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Old 11-16-10, 06:25 PM   #1
mrchip
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Cranks spin forward without catching and chain not moving

I have an Autobike that I have ridden for about 18 years with no problems. It has helped me recover mobility after knee replacement, and am now riding it back and forth to work - the high school where I teach. This last week I began having a problem with my cranks and the local bike shop says They cannot fix or get the parts for it. I am looking for an autobike I can use for parts, or someone who can tell me where to go to get parts.

The crank spin forward and won't catch. The chain is not moving. This is intermittent. I go about a couple of miles toward school and then all of a sudden, I can pedal like crazy, but not get any thing to the sprocket. I walk the rest of the way to school, lock the bike up and do my job. Come out after school and ride like normal a mile or two and then it happens again.

How about it? Anyone help this old (61) Vet out? Anybody got any ideas?
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Old 11-16-10, 06:33 PM   #2
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OK first question what's an Autobike ?

and, what is the drive-train made up of?
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Old 11-16-10, 06:37 PM   #3
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Your bike has "front freewheel" meaning the ratchet mechanism that allows coasting is in the cranks as opposed to the normal location in the rear hub. In all probability corrosion has gotten to the mechanism and the little spring-loaded pawls aren't springing out and engaging. It's also possibly simply dried grease or dirt, so repair may be possible.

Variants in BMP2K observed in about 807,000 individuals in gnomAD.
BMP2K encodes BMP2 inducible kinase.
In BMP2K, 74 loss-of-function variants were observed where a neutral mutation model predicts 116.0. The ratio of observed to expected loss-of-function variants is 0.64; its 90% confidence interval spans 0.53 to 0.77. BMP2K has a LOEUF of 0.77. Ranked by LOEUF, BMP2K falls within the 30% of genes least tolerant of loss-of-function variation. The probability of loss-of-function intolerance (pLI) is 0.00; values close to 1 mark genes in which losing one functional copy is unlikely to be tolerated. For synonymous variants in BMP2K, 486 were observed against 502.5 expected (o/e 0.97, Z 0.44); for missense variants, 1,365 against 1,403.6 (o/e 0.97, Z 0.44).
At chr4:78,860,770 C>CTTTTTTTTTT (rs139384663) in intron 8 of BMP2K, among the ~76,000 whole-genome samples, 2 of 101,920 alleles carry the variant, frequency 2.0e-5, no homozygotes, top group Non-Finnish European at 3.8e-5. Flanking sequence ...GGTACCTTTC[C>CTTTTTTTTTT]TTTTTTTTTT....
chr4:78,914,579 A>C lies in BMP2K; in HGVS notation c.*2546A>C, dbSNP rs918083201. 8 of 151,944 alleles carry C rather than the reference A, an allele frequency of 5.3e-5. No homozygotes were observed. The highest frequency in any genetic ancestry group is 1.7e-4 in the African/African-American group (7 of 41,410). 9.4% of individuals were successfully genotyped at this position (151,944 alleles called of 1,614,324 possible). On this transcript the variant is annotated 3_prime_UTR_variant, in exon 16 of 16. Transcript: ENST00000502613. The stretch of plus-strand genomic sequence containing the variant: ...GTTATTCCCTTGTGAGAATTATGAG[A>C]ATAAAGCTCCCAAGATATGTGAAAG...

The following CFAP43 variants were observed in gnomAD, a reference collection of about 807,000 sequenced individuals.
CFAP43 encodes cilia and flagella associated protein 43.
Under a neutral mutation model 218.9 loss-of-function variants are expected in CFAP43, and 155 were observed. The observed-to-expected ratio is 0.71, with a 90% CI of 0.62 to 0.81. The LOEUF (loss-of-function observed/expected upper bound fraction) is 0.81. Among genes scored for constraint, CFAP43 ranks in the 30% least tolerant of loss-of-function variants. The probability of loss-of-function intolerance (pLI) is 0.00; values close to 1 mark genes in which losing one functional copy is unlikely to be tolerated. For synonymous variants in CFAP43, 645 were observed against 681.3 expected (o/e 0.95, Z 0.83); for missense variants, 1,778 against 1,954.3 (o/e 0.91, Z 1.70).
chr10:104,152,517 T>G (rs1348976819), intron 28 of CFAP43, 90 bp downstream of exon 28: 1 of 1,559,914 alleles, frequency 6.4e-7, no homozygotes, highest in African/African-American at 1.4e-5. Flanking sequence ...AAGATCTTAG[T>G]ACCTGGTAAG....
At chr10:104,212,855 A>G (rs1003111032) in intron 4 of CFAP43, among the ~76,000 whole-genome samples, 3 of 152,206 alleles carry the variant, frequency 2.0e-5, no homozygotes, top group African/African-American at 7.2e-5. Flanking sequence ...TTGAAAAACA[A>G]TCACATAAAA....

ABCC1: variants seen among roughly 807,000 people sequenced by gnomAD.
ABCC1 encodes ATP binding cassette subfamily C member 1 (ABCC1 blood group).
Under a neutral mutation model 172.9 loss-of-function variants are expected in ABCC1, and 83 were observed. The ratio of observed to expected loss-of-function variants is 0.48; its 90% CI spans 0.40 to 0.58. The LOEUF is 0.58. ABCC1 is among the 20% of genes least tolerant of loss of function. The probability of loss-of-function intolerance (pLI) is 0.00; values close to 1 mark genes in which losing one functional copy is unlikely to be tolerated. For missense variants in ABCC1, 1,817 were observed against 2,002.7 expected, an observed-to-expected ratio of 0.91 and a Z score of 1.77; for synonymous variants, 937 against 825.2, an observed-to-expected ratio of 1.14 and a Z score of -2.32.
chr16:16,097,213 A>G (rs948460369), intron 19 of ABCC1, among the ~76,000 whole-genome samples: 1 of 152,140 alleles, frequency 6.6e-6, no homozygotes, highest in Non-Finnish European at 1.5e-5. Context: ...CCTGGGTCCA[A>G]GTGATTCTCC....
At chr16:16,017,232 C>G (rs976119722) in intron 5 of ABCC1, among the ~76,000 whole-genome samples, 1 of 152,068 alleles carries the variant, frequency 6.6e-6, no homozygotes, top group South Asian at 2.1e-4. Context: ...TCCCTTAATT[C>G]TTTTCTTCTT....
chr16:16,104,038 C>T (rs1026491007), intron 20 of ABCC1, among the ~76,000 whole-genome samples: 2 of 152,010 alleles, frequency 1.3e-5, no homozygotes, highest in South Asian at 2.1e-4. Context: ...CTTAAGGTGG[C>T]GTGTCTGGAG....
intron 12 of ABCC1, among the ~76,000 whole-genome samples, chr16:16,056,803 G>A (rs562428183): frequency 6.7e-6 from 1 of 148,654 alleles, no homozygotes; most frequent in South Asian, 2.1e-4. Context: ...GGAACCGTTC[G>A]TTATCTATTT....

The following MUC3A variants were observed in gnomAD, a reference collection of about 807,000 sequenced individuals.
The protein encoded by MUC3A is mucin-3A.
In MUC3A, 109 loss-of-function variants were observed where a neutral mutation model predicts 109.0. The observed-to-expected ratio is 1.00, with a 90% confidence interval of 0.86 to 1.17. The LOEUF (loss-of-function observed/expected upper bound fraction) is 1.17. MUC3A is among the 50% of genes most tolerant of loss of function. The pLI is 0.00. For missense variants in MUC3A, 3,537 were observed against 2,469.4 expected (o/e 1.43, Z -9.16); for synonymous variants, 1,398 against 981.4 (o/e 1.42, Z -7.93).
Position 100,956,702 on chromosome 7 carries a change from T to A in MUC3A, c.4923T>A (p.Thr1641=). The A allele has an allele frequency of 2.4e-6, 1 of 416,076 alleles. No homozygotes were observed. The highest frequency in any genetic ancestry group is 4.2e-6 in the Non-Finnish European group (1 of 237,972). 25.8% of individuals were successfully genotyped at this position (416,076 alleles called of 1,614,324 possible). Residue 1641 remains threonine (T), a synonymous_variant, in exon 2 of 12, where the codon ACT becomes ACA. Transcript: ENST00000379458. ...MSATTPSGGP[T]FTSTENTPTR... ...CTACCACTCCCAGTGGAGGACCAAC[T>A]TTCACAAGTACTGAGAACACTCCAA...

If you're lucky a decent mechanic can save/fix it with a clean and lube, though if the rust is severe, it'll call for replacement parts which may not be readily available.

If you cannot repair or replace the front freewheel mechanism, things get complicated and expensive and the bike may not justify the cost involved.
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Old 11-16-10, 06:45 PM   #4
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OK first question what's an Autobike ?

and, what is the drive-train made up of?
Here's something:
http://www.disraeligears.co.uk/Site/...railleurs.html

A lot like the classic LandRider
http://www.landriderbikes.com/
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Old 11-16-10, 06:47 PM   #5
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Apparently they made autoshifting style bicycles. A google turned up a few oddball looking examples. Without a picture we don't know which you have.

Either way I'd say that FB hit the nail on the head. It either had a front mounted freewheel which needs attention or something in the crank arm system let go so the chain rings are no longer connected to the pedal cranks.

If it turns out to be really messy with lots of special parts that you can't get anymore then you may need to join the rest of us and get used to shifting. It really isn't that bad. And if you commute over level or near level ground you likely will only use one gear anyway.

But I concur with the "take it to the local bike shop" suggestion. From the description of your problem I'd say that you're not all that mechanically inclined or you would have used different terms and provided more details on where the issue is actually located in terms of breaking it down into subsystems.
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Old 11-16-10, 06:58 PM   #6
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The Autobike was indeed a self-shifting bike with weights on the rear spokes that moved outward under centrifugal force to operate the shift mechanism. It was sold via "infomercials" and is generally reguarded as a very poor quality bike. The OP's 18 years of service from one is astounding. Most died very quickly.

I agree that getting it repaired is going to be difficult if a simple infusion of oil into the freewheeling mechanism doesn't solve the problem.
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Old 11-16-10, 07:14 PM   #7
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Given that it's intermittent, I'm now leaning toward the possibility that it's just dried lube, or dirt, meaning there's hope.